One reason this season feels so political is that Obama has stacked his administration with politicians and ex-government officials. You might think that with the greatest financial crisis of his lifetime, the president would want a few business leaders with experience managing large organizations in crisis. But no.
Here's the un-businesslike Obama Cabinet: At Treasury, a former government official; at State, a former senator; at Commerce, a former governor; at Defense, a former government official and university president; at Energy, a former professor; at Homeland Security, a former governor; at Health and Human Services, a former governor; at the White House as chief of staff, a former congressman; at the White House as economic czar, a former university president and government official.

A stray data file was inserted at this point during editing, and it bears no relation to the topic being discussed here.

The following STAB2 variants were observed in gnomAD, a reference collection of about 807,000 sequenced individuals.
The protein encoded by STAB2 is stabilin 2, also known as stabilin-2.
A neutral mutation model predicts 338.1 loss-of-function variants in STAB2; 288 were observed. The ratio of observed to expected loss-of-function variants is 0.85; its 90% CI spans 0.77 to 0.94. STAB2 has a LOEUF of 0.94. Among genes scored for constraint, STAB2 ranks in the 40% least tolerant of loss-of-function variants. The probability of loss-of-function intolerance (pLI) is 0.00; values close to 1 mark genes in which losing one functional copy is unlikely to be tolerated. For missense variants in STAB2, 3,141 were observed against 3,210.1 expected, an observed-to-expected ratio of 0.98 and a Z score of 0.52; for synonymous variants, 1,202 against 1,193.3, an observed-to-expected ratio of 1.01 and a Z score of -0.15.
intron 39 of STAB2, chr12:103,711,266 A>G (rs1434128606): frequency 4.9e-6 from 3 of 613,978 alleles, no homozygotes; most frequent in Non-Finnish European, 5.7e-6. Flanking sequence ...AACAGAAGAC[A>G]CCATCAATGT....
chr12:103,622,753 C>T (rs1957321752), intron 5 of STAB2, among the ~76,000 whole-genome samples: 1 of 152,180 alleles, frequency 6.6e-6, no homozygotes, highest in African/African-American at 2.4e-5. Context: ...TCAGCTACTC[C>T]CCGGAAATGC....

All fine people, no doubt. But as thin on business experience as a Hyde Park book club. Maybe Obama sees business executives as too tainted by the financial crisis to be useful, or confirmable. The closest he comes is Paul Volcker's Economic Recovery Advisory Board -- which includes Jeffrey Immelt, chief executive of GE; Jim Owens, chief executive of Caterpillar; and venture capitalist John Doerr.
The culture of immobilism starts on Capitol Hill. These people are still working a four-day week, taking Fridays off so they can run home and tell constituents how diligent they are. They may talk about a crisis, but they don't act like it's real.